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Abellio could bid for next ScotRail deal in 2022 despite losing franchise contract

Michael Matheson.
Michael Matheson.

Train operator Abellio could bid for the ScotRail franchise in 2022 – despite the Scottish Government calling a halt to its current contract three years early.

Transport Secretary Michael Matheson has confirmed if no changes are made to current franchising arrangements by the UK Government, the Dutch firm could make a fresh bid to run the services again.

Mr Matheson told MSPs on Wednesday the Scottish Government was calling time on Abellio and the current franchise arrangements – which had been due to run until 2025 – would instead come to an end in March 2022.

ScotRail: Scottish Government strips Abellio of rail contract

Abellio has faced continued criticism for its running of the rail services, with complaints about delays and cancellations, as well as overcrowding on some services and rising ticket prices.

The transport secretary confirmed to Holyrood that following “extensive and rigorous analysis” by ministers, the decision was taken not to let the contract run for its full 10 years.

Less than 24 hours later, he revealed without changes being made to the current system, Abellio could bid for the new franchise.

Speaking on BBC Radio Scotland’s Good Morning Scotland programme, Mr Matheson said: “If the UK Government do not change the rules around franchising for rail, we could be in a position where we have no option other than another rail franchise, a very complex, costly process that in my view does not serve the rail industry or the travelling public.”

Asked directly if Abellio could bid for that, he responded: “Technically they would be able to bid like any other company would be able to bid.”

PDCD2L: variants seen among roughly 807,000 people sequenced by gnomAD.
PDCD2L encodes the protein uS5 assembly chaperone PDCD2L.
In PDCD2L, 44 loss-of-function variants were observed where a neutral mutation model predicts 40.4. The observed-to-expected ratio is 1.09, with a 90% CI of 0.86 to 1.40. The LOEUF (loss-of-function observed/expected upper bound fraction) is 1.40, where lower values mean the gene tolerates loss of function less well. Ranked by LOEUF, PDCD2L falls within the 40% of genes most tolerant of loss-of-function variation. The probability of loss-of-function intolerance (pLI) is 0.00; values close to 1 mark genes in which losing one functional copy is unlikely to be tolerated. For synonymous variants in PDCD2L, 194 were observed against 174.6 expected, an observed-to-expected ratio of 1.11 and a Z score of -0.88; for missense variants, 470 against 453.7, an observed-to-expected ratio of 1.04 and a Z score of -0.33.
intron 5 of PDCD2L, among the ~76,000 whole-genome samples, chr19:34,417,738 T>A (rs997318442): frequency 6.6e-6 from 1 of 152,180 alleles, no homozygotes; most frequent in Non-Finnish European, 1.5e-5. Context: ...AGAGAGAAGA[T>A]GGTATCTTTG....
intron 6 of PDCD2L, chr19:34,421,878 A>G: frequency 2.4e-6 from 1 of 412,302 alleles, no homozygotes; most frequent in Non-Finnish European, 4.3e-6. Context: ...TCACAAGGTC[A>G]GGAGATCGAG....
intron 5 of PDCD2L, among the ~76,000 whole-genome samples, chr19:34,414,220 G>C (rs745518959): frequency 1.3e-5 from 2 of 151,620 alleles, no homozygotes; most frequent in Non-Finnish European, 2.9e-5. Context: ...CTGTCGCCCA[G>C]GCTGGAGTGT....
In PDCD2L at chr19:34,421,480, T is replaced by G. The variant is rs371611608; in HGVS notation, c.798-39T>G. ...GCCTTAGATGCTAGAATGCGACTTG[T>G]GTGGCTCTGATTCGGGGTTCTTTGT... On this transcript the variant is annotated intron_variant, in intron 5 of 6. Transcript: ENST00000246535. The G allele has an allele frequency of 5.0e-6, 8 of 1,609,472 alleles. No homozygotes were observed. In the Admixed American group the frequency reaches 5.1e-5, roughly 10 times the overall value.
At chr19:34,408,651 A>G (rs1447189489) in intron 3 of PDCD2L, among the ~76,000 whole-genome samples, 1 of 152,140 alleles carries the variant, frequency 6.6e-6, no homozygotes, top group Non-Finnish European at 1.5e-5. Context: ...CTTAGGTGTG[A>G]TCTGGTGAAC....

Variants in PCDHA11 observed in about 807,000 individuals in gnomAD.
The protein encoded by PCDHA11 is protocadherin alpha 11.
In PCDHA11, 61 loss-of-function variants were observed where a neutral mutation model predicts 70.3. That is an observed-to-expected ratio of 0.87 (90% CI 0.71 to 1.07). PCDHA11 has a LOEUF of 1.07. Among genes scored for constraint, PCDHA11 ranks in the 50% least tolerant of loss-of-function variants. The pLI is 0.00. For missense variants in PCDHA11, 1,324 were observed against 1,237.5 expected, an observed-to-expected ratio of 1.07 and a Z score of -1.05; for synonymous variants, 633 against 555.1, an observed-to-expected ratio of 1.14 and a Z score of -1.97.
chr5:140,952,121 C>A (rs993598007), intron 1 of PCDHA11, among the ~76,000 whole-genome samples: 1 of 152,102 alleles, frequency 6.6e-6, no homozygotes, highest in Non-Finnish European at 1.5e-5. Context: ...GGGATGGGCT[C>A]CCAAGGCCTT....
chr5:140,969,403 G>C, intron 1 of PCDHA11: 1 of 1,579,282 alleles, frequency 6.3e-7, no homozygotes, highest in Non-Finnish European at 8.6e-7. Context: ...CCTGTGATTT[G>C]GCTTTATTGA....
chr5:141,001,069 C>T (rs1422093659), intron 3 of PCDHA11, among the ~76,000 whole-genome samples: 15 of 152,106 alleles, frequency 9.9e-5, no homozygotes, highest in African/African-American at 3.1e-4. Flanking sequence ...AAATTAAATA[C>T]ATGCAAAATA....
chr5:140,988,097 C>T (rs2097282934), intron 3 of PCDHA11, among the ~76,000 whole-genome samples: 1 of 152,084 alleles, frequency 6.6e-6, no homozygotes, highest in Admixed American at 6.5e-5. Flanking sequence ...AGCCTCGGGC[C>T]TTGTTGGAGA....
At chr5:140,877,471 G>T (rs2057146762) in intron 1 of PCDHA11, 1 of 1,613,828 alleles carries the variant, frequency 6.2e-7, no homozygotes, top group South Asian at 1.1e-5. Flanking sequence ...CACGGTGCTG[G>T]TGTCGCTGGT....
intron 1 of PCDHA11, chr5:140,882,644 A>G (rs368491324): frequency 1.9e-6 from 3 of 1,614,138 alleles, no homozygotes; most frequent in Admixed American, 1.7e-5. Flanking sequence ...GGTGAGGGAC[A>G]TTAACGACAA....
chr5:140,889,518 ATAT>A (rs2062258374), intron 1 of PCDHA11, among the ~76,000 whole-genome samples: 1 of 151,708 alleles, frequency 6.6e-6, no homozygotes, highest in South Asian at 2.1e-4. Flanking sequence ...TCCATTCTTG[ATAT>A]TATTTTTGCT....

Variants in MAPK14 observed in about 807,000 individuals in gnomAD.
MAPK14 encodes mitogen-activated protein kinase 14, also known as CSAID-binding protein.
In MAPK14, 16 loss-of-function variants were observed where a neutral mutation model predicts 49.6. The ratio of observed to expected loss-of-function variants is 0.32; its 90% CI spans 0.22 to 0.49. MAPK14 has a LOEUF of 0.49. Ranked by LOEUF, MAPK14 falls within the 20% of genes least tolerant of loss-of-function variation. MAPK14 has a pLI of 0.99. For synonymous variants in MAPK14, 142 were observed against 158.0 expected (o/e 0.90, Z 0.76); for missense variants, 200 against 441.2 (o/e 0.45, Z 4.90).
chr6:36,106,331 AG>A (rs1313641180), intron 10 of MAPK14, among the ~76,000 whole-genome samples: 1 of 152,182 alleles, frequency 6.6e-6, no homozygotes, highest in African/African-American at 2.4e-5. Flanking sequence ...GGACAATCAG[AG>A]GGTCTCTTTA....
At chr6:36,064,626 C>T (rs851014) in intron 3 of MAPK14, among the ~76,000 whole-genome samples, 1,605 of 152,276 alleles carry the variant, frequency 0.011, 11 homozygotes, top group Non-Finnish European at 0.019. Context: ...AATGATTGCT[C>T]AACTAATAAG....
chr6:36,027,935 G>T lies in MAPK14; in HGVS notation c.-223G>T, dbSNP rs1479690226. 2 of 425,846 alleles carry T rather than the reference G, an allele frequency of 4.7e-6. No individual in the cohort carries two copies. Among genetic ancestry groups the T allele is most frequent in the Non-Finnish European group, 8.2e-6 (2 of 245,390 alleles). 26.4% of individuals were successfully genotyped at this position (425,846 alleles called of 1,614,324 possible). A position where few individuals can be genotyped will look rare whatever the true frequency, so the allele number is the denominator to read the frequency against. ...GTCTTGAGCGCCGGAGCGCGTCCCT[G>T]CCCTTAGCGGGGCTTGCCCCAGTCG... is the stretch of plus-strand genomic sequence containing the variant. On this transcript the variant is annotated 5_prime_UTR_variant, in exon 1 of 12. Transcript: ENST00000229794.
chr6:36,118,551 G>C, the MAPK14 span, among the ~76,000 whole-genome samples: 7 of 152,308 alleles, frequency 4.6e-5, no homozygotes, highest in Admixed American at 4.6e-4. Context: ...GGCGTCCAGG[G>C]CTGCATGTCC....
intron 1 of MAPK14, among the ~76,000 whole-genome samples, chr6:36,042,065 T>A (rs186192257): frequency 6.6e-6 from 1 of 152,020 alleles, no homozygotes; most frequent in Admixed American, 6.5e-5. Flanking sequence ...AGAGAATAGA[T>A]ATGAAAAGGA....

The transport secretary said he would like the franchising model for rail services to be brought to an end.

“I would prefer us not to be in a position where we have to have rail franchising, full stop,” he said.

“That would allow us to have public-sector control over our railway network here in Scotland and bring together the infrastructure elements and the passenger rolling stock elements much more closely than we have at the present moment.”

Mr Matheson said a public-sector operator could be ready to step in and take over the running of Scotland’s railways within two years – although he added this was “wholly dependent” on Westminster granting Holyrood new powers.

He added under the current franchise system ministers are required to have an “operator of last resort” in place.

The transport secretary said: “That is an operation that can take over the running of our railways should a franchisee walk away the next day.

“So we already have those arrangements in place, with significant expertise in being able to run a rail service.”

Dominic Booth, managing director of Abellio UK, said the rail operator was “hugely disappointed” by the Scottish Government’s decision, branding it “the wrong choice for Scotland’s railway and its customers”.

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